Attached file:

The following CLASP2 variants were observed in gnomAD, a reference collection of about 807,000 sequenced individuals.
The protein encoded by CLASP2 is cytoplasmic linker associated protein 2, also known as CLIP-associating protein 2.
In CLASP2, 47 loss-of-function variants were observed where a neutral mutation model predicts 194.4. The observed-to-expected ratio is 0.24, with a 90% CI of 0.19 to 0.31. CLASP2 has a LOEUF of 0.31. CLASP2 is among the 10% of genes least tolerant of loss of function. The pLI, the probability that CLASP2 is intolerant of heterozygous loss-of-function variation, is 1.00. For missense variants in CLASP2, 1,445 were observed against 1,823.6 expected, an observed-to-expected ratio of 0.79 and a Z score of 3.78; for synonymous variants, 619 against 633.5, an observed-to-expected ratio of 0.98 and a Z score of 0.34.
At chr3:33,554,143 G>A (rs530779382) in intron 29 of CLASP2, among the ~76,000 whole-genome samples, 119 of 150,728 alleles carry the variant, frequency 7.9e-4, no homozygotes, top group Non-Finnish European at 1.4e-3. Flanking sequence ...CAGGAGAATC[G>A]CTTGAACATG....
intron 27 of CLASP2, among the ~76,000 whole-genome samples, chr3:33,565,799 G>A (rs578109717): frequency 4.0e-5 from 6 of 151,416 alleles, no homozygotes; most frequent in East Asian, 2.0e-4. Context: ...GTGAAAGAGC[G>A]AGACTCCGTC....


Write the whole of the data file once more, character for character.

The following CLASP2 variants were observed in gnomAD, a reference collection of about 807,000 sequenced individuals.
The protein encoded by CLASP2 is cytoplasmic linker associated protein 2, also known as CLIP-associating protein 2.
In CLASP2, 47 loss-of-function variants were observed where a neutral mutation model predicts 194.4. The observed-to-expected ratio is 0.24, with a 90% CI of 0.19 to 0.31. CLASP2 has a LOEUF of 0.31. CLASP2 is among the 10% of genes least tolerant of loss of function. The pLI, the probability that CLASP2 is intolerant of heterozygous loss-of-function variation, is 1.00. For missense variants in CLASP2, 1,445 were observed against 1,823.6 expected, an observed-to-expected ratio of 0.79 and a Z score of 3.78; for synonymous variants, 619 against 633.5, an observed-to-expected ratio of 0.98 and a Z score of 0.34.
At chr3:33,554,143 G>A (rs530779382) in intron 29 of CLASP2, among the ~76,000 whole-genome samples, 119 of 150,728 alleles carry the variant, frequency 7.9e-4, no homozygotes, top group Non-Finnish European at 1.4e-3. Flanking sequence ...CAGGAGAATC[G>A]CTTGAACATG....
intron 27 of CLASP2, among the ~76,000 whole-genome samples, chr3:33,565,799 G>A (rs578109717): frequency 4.0e-5 from 6 of 151,416 alleles, no homozygotes; most frequent in East Asian, 2.0e-4. Context: ...GTGAAAGAGC[G>A]AGACTCCGTC....